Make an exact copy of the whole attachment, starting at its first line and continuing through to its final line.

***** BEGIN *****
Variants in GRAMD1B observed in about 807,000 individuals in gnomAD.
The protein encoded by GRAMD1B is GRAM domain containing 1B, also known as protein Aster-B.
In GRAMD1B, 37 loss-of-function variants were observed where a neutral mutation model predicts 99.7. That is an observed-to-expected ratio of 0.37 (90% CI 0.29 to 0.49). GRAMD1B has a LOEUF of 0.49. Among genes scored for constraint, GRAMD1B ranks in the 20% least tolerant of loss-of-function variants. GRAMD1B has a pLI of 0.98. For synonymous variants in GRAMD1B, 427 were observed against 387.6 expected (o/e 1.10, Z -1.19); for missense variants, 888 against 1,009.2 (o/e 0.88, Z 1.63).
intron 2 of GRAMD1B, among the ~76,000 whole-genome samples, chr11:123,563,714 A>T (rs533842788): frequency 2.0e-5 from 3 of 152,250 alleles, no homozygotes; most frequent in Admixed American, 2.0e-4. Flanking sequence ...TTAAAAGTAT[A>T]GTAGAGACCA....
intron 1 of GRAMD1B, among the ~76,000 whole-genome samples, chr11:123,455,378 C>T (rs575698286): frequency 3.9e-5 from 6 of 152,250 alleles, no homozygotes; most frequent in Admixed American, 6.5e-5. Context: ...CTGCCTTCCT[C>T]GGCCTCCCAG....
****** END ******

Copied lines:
Variants in GRAMD1B observed in about 807,000 individuals in gnomAD.
The protein encoded by GRAMD1B is GRAM domain containing 1B, also known as protein Aster-B.
In GRAMD1B, 37 loss-of-function variants were observed where a neutral mutation model predicts 99.7. That is an observed-to-expected ratio of 0.37 (90% CI 0.29 to 0.49). GRAMD1B has a LOEUF of 0.49. Among genes scored for constraint, GRAMD1B ranks in the 20% least tolerant of loss-of-function variants. GRAMD1B has a pLI of 0.98. For synonymous variants in GRAMD1B, 427 were observed against 387.6 expected (o/e 1.10, Z -1.19); for missense variants, 888 against 1,009.2 (o/e 0.88, Z 1.63).
intron 2 of GRAMD1B, among the ~76,000 whole-genome samples, chr11:123,563,714 A>T (rs533842788): frequency 2.0e-5 from 3 of 152,250 alleles, no homozygotes; most frequent in Admixed American, 2.0e-4. Flanking sequence ...TTAAAAGTAT[A>T]GTAGAGACCA....
intron 1 of GRAMD1B, among the ~76,000 whole-genome samples, chr11:123,455,378 C>T (rs575698286): frequency 3.9e-5 from 6 of 152,250 alleles, no homozygotes; most frequent in Admixed American, 6.5e-5. Context: ...CTGCCTTCCT[C>T]GGCCTCCCAG....